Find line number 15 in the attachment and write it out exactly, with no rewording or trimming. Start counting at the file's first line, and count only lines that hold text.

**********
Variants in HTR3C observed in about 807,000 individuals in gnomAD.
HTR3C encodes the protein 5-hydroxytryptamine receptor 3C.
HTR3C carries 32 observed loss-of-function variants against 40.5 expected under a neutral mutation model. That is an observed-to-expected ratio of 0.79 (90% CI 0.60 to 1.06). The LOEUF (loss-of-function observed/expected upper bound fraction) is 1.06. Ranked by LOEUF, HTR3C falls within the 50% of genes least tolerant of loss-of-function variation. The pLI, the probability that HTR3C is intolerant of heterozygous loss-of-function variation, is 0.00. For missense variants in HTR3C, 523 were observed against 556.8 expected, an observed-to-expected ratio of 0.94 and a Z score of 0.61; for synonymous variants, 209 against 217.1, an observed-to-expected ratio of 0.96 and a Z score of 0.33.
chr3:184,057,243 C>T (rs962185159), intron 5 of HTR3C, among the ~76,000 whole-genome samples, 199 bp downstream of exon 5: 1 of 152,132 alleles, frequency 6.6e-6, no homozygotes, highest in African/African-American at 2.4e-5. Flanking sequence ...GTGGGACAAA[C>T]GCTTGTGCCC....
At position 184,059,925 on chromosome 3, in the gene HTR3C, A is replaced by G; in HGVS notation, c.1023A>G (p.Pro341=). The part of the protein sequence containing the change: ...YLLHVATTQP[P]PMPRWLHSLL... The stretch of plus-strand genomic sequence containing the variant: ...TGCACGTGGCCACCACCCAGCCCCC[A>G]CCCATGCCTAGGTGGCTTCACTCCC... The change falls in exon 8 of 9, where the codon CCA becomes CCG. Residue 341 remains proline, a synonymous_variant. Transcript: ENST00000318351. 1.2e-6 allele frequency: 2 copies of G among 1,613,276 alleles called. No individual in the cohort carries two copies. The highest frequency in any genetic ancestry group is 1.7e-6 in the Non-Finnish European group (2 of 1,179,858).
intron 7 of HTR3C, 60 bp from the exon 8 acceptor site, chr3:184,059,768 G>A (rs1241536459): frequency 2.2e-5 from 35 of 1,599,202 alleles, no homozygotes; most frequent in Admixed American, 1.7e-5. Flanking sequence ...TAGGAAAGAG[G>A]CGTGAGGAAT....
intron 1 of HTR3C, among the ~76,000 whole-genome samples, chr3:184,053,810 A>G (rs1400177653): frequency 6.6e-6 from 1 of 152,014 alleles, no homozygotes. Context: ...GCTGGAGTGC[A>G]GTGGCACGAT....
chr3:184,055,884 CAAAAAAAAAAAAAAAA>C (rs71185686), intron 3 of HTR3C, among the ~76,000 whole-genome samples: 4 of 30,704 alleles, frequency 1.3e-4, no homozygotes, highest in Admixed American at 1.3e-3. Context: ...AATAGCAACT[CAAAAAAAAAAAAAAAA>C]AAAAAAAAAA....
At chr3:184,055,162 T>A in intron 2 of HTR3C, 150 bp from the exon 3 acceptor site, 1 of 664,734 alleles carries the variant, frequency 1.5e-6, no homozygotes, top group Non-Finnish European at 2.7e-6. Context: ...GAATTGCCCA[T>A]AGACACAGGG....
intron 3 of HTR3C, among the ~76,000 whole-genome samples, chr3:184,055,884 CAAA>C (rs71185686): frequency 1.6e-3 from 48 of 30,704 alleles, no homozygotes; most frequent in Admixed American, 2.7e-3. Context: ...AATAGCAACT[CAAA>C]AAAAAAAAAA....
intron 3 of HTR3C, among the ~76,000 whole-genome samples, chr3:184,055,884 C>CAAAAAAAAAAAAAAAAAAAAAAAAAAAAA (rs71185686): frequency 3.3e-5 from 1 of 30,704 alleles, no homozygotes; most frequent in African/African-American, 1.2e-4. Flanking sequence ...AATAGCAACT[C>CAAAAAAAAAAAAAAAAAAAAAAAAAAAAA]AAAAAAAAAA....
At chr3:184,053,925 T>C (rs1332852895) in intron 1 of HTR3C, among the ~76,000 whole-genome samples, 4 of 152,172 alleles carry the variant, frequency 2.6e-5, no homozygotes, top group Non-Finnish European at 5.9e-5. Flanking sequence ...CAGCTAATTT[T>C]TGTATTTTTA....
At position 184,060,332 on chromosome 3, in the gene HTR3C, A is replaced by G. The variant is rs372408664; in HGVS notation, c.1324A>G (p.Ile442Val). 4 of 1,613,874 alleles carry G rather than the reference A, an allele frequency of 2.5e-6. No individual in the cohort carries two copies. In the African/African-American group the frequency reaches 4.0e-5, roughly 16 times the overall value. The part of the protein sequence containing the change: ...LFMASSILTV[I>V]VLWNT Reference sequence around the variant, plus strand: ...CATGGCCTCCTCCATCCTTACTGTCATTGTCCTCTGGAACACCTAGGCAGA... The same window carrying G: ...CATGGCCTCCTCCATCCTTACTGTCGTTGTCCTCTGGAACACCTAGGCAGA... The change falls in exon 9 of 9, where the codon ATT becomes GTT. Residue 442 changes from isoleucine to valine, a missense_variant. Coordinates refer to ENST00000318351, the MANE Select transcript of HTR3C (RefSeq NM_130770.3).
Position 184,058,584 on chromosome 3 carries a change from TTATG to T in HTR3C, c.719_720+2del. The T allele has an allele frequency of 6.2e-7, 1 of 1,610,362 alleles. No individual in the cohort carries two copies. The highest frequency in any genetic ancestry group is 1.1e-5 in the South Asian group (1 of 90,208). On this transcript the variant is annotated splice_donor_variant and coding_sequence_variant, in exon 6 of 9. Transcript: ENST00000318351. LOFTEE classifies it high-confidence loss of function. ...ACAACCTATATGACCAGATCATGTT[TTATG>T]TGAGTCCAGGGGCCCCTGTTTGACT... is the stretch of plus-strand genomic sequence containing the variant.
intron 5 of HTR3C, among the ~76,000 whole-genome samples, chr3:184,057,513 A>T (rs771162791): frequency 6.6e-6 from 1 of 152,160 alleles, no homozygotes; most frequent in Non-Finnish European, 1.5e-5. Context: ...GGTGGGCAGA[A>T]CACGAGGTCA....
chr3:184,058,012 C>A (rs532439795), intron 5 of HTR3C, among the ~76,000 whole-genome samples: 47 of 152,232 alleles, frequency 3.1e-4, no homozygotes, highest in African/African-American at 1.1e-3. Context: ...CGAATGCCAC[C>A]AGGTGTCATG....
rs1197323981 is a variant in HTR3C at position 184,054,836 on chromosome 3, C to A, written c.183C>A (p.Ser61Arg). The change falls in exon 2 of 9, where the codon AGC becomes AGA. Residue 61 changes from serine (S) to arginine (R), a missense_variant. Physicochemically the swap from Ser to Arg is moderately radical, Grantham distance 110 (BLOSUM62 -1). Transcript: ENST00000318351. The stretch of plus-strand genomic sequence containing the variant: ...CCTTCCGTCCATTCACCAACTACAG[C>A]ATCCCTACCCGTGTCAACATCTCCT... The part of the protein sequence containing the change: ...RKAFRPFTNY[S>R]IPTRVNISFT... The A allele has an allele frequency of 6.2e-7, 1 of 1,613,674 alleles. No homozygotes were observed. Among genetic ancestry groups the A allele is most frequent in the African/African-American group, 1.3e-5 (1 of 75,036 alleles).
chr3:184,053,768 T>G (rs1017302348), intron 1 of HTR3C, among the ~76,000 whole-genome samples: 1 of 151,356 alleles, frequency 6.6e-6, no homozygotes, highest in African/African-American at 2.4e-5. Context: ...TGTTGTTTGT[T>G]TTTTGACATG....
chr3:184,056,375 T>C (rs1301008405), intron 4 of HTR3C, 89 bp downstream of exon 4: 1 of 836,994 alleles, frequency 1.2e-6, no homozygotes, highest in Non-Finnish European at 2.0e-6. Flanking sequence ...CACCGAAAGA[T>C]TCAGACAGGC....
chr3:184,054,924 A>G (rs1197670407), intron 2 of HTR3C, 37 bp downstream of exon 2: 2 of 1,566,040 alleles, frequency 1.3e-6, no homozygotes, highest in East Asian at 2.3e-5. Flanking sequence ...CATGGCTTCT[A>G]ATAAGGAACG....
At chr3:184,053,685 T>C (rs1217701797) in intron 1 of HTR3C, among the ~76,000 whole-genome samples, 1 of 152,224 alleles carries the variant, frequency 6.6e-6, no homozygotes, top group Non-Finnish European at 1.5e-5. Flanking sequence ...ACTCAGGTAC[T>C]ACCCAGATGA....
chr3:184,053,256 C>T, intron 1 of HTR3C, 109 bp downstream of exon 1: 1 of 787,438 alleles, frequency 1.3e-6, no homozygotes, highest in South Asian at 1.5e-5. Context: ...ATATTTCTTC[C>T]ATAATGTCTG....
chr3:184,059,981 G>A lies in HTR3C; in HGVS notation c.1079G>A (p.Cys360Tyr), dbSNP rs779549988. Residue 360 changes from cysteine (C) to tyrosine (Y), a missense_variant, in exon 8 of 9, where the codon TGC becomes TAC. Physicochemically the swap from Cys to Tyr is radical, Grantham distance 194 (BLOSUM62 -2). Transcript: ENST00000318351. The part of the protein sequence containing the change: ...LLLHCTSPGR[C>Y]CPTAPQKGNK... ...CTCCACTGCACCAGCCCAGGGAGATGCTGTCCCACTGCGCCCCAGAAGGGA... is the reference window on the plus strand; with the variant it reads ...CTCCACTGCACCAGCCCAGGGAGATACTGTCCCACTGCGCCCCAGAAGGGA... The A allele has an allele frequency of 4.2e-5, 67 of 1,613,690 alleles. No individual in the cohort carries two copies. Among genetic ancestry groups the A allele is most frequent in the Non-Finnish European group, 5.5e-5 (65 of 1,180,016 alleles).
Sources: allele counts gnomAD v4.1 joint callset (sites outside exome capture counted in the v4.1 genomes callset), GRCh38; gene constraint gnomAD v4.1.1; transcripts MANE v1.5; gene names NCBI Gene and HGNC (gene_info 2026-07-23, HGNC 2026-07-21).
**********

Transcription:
intron 5 of HTR3C, among the ~76,000 whole-genome samples, chr3:184,057,513 A>T (rs771162791): frequency 6.6e-6 from 1 of 152,160 alleles, no homozygotes; most frequent in Non-Finnish European, 1.5e-5. Context: ...GGTGGGCAGA[A>T]CACGAGGTCA....